Wednesday, January 11, 2012

Dewar makes big gain in endorsement rankings

This week's NDP endorsement rankings update has all four of the frontrunners on the move, but only Paul Dewar has made a gain in his share of the points with the endorsement of a large national union and a veteran MP.
Dewar's most important endorsement this week comes from the National President of the National Union of Public and General Employees, James Clancy. The union has a membership of 340,000 people, making it one of the largest in the country. That alone nets Dewar 20.4 points.

Another endorsement, presumably to be announced tomorrow, comes from Linda Duncan, the MP for Edmonton-Strathcona. Having been elected twice by the people of the riding, Duncan adds five points to Dewar's total.

If this endorsement does occur as expected, this will be a big one for Dewar. Unlike his other main rivals, Dewar has not had much support from the NDP caucus. Duncan will become the first sitting MP to endorse Paul Dewar for leadership. And as Duncan is the only MP for Alberta, this gives Dewar an edge on the more than 8,000 NDP members that were last reported to be in the province.

These two endorsements give Dewar a boost of 25.4 points, increasing his total to 52.3 points or 10.4% of all available endorsement points. That is a gain of 4.7 percentage points since last week, and puts him in the double digits. He is now 48.1 points and 9.6 percentage points behind Peggy Nash.

(Click here to learn more about the endorsement system and here for how the points are awarded. And, as always, you can right-click the list of endorsers and open in a new tab or window to magnify it.)

Nash has landed two endorsements of her own, one from Mike Sullivan, the rookie MP for York South-Weston, and another from Dany Morin, freshman MP for Chicoutimi-Le Fjord. This gives her an extra five points and increases her caucus support to six MPs, not including herself.

With these endorsements, Nash now stands at 100.4 points, or 20% of the total. That is, however, a 0.3-point loss since last week, owing to the major gain that Paul Dewar made.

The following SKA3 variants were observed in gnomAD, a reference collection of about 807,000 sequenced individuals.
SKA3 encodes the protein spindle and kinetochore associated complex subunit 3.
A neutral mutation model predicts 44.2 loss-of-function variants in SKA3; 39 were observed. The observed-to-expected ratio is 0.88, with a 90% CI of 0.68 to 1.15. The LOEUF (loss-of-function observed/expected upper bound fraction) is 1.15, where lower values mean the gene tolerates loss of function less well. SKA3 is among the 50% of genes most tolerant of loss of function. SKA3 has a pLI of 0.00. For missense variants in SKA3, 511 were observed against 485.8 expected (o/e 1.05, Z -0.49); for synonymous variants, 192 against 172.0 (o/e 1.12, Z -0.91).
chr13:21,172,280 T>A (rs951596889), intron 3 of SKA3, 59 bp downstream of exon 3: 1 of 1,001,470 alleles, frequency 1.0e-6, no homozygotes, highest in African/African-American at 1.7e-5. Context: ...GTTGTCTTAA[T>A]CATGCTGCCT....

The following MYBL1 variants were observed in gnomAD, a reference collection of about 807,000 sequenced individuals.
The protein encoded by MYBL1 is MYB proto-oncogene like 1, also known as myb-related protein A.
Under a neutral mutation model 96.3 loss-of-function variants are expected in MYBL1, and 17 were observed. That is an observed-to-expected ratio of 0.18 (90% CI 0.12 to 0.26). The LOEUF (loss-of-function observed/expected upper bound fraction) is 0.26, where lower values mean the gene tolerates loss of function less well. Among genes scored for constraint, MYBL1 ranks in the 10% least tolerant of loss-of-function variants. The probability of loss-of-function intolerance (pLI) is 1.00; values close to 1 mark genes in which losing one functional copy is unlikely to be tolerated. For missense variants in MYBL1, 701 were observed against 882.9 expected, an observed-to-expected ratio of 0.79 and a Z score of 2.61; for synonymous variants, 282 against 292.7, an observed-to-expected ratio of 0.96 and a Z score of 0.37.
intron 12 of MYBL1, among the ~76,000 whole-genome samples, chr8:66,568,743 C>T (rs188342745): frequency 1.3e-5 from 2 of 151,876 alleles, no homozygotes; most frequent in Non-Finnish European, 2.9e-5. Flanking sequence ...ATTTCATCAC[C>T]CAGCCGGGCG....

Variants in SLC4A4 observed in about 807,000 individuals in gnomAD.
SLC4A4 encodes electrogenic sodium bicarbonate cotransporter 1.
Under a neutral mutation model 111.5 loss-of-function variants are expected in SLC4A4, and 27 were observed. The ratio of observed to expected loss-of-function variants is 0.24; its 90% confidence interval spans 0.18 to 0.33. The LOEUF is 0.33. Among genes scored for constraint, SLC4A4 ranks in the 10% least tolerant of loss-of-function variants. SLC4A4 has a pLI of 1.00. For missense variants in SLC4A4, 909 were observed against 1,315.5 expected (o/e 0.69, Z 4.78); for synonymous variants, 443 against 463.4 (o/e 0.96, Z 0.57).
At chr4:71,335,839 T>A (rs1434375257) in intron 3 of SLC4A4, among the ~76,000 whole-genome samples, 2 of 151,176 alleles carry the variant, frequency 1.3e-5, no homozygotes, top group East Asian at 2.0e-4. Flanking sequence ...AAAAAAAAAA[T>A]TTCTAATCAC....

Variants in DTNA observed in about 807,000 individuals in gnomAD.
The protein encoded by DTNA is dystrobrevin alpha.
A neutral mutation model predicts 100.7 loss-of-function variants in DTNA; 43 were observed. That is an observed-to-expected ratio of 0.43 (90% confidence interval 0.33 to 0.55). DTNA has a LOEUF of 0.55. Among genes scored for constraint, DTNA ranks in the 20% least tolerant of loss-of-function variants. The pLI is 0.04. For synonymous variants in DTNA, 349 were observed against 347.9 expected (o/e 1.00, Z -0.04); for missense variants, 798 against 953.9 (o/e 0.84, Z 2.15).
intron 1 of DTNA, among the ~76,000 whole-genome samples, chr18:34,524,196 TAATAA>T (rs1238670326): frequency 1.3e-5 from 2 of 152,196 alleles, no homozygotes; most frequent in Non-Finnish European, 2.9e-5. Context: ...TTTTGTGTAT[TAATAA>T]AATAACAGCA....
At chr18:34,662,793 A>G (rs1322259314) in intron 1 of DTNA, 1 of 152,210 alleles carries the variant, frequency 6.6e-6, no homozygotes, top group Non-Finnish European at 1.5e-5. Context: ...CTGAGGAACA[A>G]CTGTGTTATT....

Brian Topp also made a splash this week with the endorsement of former Saskatchewan NDP Premier Lorne Calvert. This gives him an extra five points and increases the net support out of Saskatchewan to 10 points, perhaps better reflecting the clout of the endorsement of one Roy Romanow. The endorsement points system is, after all, somewhat abstracted.

With Calvert's support, Topp now has 192 endorsement points or 38.2% of the total available. That is a drop of 1.7 percentage points since last week, again because of Dewar's gains, but Topp remains in the lead by a wide margin.

Thomas Mulcair has had a bit of a mixed week. The good news is that he received the support of BC MLA Leonard Krog, awarding one point to Mulcair's campaign. The bad news is that Lise St-Denis, the MP for Saint-Maurice-Champlain who endorsed Mulcair for leadership, has jumped ship to the Liberals. This means Mulcair has lost 2.5 points in the endorsement rankings, and has gained the stigma of having once had the support of someone who is now persona non grata in the NDP.

Mulcair has thus had a net loss of 1.5 points this week, dropping him to 118.3 points or 23.5% of all available points. That is a two percentage point drop since last week.

Niki Ashton (0.2%), Nathan Cullen (0.2%), and Roméo Saganash (0.1%) have all dropped slightly in their share of endorsement points as more have been added to the pile. None have landed new endorsements in some time. Martin Singh remains mired with zero endorsements.

With Paul Dewar now in the double digits and finally having some caucus support, he has a real, verifiable claim to being within the top tier. I'm not quite sure that Brian Topp is having as much trouble as some seem to think, as he continues to gain the support of important figures within the NDP. Perhaps the membership will revolt against this decision from on high, but with many debates still to come there is plenty of time for Topp to demonstrate that he belongs among the top contenders. Paul Dewar and Peggy Nash will also have quite a bit riding on the debates, as they need to show how they might look in the inevitable sparring matches against Stephen Harper.


  1. Don Davies, MP for Vancouver-Kingsway is largely expected to endorse Mulcair this morning in a couple of hours.

  2. An extra five points for Mulcair next week, then.

  3. As a New Democrat, I think it looks particularly bad on Mulcair that one of his supporters turned her coat. Among at least some of the Dippers I know, he was already regarded as being pretty close to a Liberal anyhow. This is only going to make that impression stronger. If he wants to dampen it, he is going to have to get someone notable from the left wing of the Party on board.

  4. Former Ontario NDP leader, MPP, and MP Mike Cassidy has endorsed Dewar.